“True Threats” against the President Elect via Social Media

social-mediaAfter yesterday’s stunning 2016 U.S. presidential election results it is evident that the free speech elements of the First Amendment are being tested primarily via social media as voters post their opinions in various formats and tones, maybe in an effort to relieve some of their frustrations or to just vent.  However, could this type of speech potentially invoke the “true threat” exception to the First Amendment as codified? 18 U.S.C. § 871 (2012).  This statute covers: “Threats against President and successors to the Presidency,” and became effective in 1948 (based on 18 U.S.C. § 89 (Feb. 14, 1917, ch. 64, 39 Stat. 919)). However, much guidance does not exist relevant to what constitutes a true threat, especially when statements are made via social media.

The U.S. Supreme Court provided some guidance in Watts v. United States, 394 U.S. 705 (1969), where

[A] man, spoke out during a public rally against police brutality …. In 1966… saying in part …they always holler at us to get an education.  And now I have already received my draft classification . . . and I have got to report for my physical this Monday coming.  I am not going.  If they ever make me carry a rifle the first man I want to get in my sights is L.B.J. . . .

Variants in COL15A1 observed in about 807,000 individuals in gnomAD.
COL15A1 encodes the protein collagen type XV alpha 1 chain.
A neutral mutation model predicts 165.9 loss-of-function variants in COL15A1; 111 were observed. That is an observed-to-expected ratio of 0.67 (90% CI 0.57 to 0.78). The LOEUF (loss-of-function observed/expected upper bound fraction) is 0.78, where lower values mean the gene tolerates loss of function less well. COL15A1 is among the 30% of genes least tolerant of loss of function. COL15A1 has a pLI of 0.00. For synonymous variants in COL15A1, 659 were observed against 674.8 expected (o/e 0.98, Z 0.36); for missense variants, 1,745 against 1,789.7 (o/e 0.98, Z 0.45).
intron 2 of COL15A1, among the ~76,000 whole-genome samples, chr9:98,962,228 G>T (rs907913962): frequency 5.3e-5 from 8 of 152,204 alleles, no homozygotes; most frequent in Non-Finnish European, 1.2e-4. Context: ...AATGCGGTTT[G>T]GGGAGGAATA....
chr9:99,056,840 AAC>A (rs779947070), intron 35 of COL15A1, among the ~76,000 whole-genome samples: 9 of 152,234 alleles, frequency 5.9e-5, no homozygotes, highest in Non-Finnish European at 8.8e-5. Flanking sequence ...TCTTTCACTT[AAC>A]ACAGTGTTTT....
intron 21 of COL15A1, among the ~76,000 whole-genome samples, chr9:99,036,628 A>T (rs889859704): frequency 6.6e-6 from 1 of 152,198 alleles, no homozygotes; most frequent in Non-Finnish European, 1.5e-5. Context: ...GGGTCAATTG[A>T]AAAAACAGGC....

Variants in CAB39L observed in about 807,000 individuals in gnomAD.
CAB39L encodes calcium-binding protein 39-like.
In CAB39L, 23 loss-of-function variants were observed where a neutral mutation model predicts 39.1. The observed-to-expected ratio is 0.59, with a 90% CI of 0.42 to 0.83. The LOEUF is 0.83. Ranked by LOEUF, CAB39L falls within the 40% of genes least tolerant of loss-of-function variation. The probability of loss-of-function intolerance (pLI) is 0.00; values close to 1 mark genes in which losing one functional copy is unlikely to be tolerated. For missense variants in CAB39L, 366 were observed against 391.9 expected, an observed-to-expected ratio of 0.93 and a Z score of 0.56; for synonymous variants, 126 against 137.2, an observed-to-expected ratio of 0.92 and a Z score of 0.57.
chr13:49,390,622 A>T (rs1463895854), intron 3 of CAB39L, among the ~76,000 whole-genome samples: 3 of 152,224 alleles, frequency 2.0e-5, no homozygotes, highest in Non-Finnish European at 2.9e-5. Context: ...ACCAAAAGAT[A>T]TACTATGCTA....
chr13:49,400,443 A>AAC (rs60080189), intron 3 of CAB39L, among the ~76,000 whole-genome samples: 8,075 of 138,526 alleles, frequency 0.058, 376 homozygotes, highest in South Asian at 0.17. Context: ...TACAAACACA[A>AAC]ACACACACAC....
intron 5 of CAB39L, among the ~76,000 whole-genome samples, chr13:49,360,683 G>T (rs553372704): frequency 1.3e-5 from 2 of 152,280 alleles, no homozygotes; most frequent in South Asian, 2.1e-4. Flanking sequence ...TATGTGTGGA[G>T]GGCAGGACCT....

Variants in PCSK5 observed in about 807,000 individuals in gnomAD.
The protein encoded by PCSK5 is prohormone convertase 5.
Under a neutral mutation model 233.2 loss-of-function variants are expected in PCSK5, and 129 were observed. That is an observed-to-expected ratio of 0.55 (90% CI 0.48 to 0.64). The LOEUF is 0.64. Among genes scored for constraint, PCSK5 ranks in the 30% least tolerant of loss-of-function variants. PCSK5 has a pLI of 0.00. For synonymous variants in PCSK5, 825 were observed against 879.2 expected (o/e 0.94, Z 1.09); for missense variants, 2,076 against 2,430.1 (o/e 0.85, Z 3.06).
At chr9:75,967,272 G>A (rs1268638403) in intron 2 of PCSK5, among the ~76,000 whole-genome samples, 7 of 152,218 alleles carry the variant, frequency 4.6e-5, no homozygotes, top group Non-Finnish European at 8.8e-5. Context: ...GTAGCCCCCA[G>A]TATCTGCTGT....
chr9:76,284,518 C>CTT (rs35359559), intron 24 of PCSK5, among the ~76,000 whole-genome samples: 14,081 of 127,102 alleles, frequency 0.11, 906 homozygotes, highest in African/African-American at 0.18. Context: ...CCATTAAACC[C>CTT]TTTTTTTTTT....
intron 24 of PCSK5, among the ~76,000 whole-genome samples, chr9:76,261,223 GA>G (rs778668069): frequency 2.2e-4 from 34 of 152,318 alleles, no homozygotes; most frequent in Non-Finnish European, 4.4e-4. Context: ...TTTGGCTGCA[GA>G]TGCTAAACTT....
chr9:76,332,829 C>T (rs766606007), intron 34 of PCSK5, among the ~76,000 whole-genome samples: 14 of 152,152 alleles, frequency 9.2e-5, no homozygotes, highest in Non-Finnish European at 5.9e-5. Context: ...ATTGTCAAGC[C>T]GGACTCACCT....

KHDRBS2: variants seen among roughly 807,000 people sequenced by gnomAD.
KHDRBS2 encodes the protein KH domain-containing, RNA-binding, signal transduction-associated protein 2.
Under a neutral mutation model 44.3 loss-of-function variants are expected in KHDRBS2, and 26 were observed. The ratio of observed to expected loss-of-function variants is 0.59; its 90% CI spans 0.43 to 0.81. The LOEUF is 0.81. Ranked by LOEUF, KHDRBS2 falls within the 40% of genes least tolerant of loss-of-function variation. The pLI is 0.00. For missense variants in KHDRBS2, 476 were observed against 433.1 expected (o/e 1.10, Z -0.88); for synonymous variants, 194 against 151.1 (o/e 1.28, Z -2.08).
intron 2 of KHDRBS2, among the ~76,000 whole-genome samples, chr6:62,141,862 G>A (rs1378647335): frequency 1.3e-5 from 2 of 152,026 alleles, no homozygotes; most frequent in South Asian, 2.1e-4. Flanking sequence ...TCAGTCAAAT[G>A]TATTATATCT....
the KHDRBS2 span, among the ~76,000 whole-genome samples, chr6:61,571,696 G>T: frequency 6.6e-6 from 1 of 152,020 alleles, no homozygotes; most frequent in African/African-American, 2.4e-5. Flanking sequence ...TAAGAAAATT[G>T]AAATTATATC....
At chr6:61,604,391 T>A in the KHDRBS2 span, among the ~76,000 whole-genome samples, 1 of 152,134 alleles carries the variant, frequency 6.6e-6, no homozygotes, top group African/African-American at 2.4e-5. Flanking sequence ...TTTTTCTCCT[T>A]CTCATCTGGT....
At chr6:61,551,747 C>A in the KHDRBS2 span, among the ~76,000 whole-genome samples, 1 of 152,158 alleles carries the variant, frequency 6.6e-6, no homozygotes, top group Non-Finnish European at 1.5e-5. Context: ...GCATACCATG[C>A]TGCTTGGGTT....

The Supreme Court held that the defendant had not made a true threat because his statement was political hyperbole. Id. at 706. Political hyperbole is defined as “[A] principle that debate on public issues should be uninhibited, robust, and wide-open, and that it may well include vehement, caustic, and sometimes unpleasantly sharp attacks on government and public officials.” Id. at 708 (quoting N.Y. Times v. Sullivan, 376 U.S. 254, 260 (1964)).  Are the statements that you make or that you see on social media political hyperbole?

The statute neither specifies nor defines writings to include those via social media, but, in a recent case, the Court appears to have expanded on the definition of true threat from Watts within the ambit of social media. Elonis v. United States, 135 S. Ct. 2001 (2015) (requiring showing that the defendant intended to issue threats or knew that his social media communications would be viewed as threats).

As you utilize various social media tools to vent or engage in political hyperbole, it may be worthwhile to look at some recent resources relevant to the “true threat exception/requirement”:

Books via Catalog @ Pace Law Library

General Articles/Blogs

Articles

Bloomberg BNA via Pace Law Library:

  • Lance J. Rogers, Justices Say Facebook Threat Prosecution Requires Proof Poster Had Criminal Intent Media L. & Pol’y Rep. (BNA), Jun 2, 2015.
  • Lance Rogers, Exhorting Nonexistent Followers to Kill May Qualify as Prosecutable ‘True Threat’ Media L. & Pol’y Rep. (BNA), Feb. 3, 2015.
  • Amy E. Bivins, Late-Night, Generalized Violent Rant On Yahoo! Board Wasn’t True Threat to Obama, Electronic Commerce & Law Report, Jul 27, 2011
  • First Amendment—True Threats against PresidentContext of Threat, Crim. L. Rep., (BNA), Apr. 20, 2005.

Leave a Reply

Your email address will not be published.